4. Avoid Under-Sizing Your Dehumidification Needs

Sizing a commercial dehumidification system correctly can mean the difference between maximizing yields and a negative return on investment.

“Always be slightly over-sized in your dehumidification plan. It’s better than being undersized,” Bonelli said. If you need help to size your dehumidifier, there are a number of online resources out there that can help, but a dehumidification expert can also help you size your grow.

To calculate your dehumidification needs, expect that plants will transpire about 97 percent of the water they receive. So if you water 30 plants at a ½ gallon of water per day per plant, you should expect to need to remove 120 pints per day or about 15 gallons per day.

5. Seal Your Room

“The key in a lot of these situations is having a sealed room and building,” Bonelli said. “Having dehumidification in a facility where there’s a lot of air exchange, that’s like taking all of your environmental controls, even your CO2 and AC, and just putting it outside on the curb. It’s a waste of resources.”

“You can size your grow room for the amount of water that’s going into your system, but it’s hard to pinpoint your needs if you have a lot of external humidity coming in,” he said, especially in greenhouses.

A few specific areas Bonelli recommends growers check in greenhouse grows especially during high external humidity periods and at night:

6. Keep Your Temperatures in Check

When it comes to bud rot and environment, temperature is crucial.

“Generally, you should aim to maintain temps above 68-70 degrees Fahrenheit, as warmer temps can help facilitate that lower humidity,” Bonelli said.

The importance of temperature control is important for all growers. Particularly, it is relevant for outdoor and greenhouse growers when it comes to preventing bud rot. When temperatures drop at night, the relative humidity can rise dramatically. If this persist for too long, the probability of bud rot increases.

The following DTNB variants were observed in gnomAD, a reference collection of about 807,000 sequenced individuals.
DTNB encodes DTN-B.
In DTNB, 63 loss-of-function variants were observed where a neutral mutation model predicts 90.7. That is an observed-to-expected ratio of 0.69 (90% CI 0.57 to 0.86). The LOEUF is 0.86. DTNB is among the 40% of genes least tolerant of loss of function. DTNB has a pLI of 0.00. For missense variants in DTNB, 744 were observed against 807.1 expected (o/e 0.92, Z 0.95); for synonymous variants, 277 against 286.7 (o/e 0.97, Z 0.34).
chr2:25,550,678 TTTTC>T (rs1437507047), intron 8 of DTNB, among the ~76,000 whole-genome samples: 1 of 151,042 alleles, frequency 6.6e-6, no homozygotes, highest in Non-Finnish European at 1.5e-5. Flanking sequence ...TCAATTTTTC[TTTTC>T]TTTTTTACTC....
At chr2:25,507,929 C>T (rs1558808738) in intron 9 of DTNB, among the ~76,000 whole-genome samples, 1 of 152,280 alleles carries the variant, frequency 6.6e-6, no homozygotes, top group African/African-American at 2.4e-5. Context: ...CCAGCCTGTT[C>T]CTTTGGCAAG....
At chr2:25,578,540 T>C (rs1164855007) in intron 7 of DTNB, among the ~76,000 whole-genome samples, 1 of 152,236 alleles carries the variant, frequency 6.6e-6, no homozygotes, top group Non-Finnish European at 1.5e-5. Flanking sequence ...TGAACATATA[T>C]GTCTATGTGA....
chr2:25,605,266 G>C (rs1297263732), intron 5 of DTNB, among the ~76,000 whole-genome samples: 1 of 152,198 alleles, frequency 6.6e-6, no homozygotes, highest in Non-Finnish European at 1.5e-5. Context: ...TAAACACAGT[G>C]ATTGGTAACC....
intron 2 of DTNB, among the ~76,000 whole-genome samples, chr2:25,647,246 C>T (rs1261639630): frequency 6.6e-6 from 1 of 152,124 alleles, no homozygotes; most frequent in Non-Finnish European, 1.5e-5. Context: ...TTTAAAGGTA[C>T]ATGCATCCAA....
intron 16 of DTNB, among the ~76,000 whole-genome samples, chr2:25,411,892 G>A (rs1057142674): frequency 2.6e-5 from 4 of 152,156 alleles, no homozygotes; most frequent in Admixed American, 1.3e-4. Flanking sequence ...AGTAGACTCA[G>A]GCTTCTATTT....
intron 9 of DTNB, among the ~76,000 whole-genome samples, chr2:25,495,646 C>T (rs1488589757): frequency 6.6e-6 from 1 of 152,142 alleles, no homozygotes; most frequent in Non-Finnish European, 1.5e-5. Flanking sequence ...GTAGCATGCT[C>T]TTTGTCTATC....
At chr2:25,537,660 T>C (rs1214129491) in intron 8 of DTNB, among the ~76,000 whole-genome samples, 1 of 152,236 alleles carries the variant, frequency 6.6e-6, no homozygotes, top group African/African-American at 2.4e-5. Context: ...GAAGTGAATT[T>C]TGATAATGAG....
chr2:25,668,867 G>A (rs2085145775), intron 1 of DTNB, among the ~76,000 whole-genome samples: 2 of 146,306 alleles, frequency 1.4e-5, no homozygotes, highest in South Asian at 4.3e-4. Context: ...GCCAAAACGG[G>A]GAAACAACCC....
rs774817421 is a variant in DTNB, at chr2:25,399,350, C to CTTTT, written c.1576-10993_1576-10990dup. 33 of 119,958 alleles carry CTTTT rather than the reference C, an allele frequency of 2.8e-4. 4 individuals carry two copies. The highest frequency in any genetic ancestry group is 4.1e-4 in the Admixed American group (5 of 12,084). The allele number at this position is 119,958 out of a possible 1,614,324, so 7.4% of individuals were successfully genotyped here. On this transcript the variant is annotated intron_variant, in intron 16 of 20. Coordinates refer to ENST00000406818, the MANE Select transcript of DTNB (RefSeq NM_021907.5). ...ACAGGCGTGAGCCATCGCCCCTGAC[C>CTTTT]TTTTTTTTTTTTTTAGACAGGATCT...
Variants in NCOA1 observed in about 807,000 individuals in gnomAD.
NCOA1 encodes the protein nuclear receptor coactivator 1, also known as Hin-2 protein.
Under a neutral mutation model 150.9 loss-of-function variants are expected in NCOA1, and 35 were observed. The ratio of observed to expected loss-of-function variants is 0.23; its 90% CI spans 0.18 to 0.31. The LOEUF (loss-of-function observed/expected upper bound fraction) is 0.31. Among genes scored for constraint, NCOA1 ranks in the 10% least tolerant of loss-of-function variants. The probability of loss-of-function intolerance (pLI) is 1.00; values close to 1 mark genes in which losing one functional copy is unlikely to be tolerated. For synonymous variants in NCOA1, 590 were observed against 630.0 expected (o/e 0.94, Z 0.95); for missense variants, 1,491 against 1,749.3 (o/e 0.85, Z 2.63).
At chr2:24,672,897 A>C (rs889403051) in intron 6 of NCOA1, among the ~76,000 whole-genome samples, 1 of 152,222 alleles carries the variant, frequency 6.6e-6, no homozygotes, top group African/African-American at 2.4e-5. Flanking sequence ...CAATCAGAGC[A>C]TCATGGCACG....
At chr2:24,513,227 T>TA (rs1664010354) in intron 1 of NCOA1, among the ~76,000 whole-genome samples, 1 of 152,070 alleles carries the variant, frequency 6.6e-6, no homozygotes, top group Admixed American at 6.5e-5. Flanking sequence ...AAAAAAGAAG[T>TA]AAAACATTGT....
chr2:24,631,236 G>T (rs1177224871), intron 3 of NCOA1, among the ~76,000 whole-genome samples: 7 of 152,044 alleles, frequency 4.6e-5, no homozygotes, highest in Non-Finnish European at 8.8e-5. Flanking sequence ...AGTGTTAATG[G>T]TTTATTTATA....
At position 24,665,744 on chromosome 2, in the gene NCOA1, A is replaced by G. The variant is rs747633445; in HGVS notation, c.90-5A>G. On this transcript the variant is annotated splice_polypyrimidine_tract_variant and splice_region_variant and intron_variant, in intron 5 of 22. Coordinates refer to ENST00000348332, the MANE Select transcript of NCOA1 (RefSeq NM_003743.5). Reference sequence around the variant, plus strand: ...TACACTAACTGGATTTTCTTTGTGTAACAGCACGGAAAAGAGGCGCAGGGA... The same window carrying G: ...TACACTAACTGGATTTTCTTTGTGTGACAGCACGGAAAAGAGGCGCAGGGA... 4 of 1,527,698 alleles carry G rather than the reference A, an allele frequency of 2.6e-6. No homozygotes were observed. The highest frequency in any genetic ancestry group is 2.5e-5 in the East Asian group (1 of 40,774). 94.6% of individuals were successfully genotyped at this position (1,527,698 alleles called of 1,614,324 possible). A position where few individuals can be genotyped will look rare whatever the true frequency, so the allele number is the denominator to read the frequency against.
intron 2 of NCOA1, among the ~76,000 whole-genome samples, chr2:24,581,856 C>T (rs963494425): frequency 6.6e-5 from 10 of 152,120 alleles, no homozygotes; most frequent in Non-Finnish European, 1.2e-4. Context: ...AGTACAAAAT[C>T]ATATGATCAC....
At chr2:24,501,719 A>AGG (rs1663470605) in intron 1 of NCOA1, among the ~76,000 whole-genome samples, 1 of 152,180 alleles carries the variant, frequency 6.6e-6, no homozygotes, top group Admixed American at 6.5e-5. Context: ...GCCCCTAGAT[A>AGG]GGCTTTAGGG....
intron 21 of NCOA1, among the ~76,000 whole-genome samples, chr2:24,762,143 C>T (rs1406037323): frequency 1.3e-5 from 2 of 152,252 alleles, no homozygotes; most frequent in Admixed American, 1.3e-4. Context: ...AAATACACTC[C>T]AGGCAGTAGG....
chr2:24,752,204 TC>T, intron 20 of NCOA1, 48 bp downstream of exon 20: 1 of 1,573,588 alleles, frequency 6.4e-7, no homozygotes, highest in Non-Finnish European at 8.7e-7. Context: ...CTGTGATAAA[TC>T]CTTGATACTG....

Greenhouse growers need to do everything they can to keep the space warm. Outdoor growers can improve their outcomes by covering plants at night with a porous material to keep them warm.

Along the same lines, many outdoor growers may need to consider seasonality as it relates to bud rot. As the combination of large buds near the end of harvest and increasingly cool nights can spell disaster for growers. For this reason, many growers choose to push their harvest up so they’re starting earlier in the season and finishing earlier in the fall.

Bonelli provided this example:

“Now the key to remember is that the moisture didn’t go anywhere; it’s still there. We just changed the temperature and the humidity is relative to the degree of change,” Bonelli said. “For each degree Fahrenheit of change in temperature there’s roughly a 2 to 2.5 percent change in relative humidity.”

Regardless of where you grow, keeping your humidity in check is key—and that means in every stage of the grow. As competition increases, and the quality of crop matters just as much as volume, many growers are increasingly relying on sophisticated climate controls to manage a longer cure for better developed aromas and flavor profiles, as well.

“You don’t want mold spores in those situations, either,” Bonelli said.